Your first step in this journey should be a self-assessment test. Give yourself an honest rundown of your strengths in this process, and determine if you’ve really thought through the demands and requirements of buying a used motorcycle.
Answering these questions – as well as any others that came to you – will help you determine if you’re ready for the challenge of buying used, and hopefully get you in the I’m-getting-prepared frame of mind.
If you haven’t decided on a type of motorcycle, i.e. cruiser, standard style, sportbike, etc., obviously you’re at square one. The intent of this how-to isn’t meant as a primer on picking your first motorcycle, but a few tips on picking a two-wheeler bear mentioning.
Take into account your experience level. Is this used motorcycle also your first? If so, you’ll want to factor into your decision-making things like your physique. Is your inseam long or short? Will you be able to comfortably maneuver a 400-pound-plus motorcycle at low speeds, or even walking/pushing a bike that weight over short distances, you know, in case you run out of fuel 100 yards from a gas station? Maybe you’re on the bigger end of the scale of human dimensions and you’ll need a larger scoot in order to feel comfortable.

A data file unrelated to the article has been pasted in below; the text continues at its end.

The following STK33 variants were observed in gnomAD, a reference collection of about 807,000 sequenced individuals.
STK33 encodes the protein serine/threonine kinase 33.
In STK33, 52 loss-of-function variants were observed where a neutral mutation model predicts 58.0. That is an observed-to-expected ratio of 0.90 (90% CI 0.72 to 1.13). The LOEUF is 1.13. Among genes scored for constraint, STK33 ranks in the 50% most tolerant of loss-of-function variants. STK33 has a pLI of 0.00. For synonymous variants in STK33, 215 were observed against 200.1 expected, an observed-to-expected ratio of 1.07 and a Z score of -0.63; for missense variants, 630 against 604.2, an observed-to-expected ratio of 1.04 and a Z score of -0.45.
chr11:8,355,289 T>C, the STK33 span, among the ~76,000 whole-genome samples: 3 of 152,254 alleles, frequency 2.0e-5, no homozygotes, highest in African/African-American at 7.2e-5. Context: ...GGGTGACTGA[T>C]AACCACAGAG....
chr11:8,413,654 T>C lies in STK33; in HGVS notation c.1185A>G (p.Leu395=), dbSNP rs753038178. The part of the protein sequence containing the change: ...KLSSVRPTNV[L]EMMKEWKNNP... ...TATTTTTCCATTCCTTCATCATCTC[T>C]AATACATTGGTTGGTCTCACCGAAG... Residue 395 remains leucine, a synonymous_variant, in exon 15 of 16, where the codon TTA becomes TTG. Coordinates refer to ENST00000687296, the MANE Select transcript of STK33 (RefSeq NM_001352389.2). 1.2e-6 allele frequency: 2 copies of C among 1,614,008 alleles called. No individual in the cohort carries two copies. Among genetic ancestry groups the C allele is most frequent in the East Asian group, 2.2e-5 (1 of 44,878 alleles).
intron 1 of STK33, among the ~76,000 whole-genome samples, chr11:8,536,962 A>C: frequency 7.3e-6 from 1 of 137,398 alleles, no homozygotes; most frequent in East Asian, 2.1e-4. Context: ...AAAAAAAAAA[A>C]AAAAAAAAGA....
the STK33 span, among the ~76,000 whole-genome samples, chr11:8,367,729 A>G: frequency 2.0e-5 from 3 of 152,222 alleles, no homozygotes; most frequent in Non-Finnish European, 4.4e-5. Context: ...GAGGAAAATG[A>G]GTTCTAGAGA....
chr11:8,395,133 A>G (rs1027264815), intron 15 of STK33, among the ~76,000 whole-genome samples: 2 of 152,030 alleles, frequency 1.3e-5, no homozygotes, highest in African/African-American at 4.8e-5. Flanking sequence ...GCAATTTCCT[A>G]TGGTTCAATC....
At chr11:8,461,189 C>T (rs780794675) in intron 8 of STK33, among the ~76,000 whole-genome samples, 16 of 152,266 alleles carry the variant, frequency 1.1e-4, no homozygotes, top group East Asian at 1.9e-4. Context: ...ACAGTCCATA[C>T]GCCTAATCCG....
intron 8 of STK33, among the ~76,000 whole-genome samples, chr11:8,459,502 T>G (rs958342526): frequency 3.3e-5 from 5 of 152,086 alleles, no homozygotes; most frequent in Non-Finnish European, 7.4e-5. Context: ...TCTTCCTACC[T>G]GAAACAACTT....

If you have precious few miles under your belt, you’ll want to reconsider getting that 170-hp liter-class sportbike as your beginner ride and maybe think in terms 500cc standards with a more upright riding position that will better allow you to feel secure about riding as you continue to hone your skill set.
Not every newbie rider is necessarily restricted to beginner style motorcycles, but a fair self-assessment will help narrow down your choice of used motorcycle, making quick work of a big part of buying that first used bike. One category of street motorcycle that can serve a variety of people is the cruiser.
The cruiser segment has enjoyed robust sales for many years. As a result, the used market for cruisers promises a broad selection. Cruisers come in a variety of engine displacements; and the design parameters most manufacturers follow often result in motorcycles that have seat heights lower than other types of bikes, making them a sensible choice for freshman riders.